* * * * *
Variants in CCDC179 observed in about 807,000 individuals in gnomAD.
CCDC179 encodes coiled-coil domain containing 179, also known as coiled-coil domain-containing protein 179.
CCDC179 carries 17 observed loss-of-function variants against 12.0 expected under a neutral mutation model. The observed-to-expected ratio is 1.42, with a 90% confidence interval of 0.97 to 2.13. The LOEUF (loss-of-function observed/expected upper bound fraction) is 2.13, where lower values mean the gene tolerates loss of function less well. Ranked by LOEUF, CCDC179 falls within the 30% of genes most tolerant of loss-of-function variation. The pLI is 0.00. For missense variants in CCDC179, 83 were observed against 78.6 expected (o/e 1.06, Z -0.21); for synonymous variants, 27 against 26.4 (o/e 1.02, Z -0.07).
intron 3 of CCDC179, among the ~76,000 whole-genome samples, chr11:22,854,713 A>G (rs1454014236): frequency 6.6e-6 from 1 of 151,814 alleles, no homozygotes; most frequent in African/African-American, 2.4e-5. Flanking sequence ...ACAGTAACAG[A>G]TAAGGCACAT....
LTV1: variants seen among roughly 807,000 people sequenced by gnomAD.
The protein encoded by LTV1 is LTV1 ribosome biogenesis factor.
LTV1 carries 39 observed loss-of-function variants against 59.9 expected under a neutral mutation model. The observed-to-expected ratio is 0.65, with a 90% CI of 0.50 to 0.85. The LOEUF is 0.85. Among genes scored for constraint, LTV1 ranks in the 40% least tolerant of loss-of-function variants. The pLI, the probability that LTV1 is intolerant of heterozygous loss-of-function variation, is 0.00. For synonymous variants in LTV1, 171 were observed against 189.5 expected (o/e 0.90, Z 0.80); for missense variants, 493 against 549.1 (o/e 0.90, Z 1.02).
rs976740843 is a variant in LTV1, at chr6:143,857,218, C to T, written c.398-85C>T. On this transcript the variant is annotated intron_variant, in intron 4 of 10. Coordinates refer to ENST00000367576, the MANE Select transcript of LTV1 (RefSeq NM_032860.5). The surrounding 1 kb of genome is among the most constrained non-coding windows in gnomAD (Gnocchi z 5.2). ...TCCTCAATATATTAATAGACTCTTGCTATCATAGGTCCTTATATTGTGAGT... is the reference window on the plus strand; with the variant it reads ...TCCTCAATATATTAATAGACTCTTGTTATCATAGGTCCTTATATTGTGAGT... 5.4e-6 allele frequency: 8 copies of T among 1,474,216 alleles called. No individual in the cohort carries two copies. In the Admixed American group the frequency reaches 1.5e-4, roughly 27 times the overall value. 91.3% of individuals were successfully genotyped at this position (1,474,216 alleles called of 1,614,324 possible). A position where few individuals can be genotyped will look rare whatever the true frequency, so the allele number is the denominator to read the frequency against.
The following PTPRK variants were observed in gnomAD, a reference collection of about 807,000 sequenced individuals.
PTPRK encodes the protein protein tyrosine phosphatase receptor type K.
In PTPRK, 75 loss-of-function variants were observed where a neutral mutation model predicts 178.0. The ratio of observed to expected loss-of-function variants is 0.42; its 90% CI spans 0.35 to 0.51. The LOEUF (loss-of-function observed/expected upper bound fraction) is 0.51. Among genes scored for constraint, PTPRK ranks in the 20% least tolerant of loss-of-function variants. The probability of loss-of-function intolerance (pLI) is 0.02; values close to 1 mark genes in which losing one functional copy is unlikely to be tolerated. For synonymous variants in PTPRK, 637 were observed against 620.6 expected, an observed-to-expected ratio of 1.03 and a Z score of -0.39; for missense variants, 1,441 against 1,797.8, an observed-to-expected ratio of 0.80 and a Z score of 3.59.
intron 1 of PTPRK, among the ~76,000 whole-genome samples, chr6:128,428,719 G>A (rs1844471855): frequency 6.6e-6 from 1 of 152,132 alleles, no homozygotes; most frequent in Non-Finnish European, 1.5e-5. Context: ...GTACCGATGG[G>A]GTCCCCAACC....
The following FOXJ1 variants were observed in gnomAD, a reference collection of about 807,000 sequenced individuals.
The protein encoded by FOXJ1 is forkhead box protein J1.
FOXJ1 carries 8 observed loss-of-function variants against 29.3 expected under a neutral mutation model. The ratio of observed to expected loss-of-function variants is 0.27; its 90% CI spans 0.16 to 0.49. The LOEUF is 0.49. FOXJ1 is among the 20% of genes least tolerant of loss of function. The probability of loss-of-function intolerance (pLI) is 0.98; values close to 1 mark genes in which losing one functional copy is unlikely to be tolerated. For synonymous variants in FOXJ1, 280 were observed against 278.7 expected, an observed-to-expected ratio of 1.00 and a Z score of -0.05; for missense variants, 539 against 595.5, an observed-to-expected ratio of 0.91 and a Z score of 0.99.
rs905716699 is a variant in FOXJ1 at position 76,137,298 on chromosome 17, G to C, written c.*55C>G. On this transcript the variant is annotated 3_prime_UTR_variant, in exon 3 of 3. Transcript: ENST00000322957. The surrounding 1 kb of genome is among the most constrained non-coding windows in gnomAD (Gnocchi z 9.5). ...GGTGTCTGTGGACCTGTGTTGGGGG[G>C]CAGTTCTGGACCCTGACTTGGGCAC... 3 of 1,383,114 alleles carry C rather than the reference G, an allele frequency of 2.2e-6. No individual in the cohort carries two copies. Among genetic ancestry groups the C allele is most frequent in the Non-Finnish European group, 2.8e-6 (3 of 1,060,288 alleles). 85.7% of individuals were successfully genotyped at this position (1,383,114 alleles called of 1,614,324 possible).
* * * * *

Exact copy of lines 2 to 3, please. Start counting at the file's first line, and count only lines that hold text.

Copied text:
CCDC179 encodes coiled-coil domain containing 179, also known as coiled-coil domain-containing protein 179.
CCDC179 carries 17 observed loss-of-function variants against 12.0 expected under a neutral mutation model. The observed-to-expected ratio is 1.42, with a 90% confidence interval of 0.97 to 2.13. The LOEUF (loss-of-function observed/expected upper bound fraction) is 2.13, where lower values mean the gene tolerates loss of function less well. Ranked by LOEUF, CCDC179 falls within the 30% of genes most tolerant of loss-of-function variation. The pLI is 0.00. For missense variants in CCDC179, 83 were observed against 78.6 expected (o/e 1.06, Z -0.21); for synonymous variants, 27 against 26.4 (o/e 1.02, Z -0.07).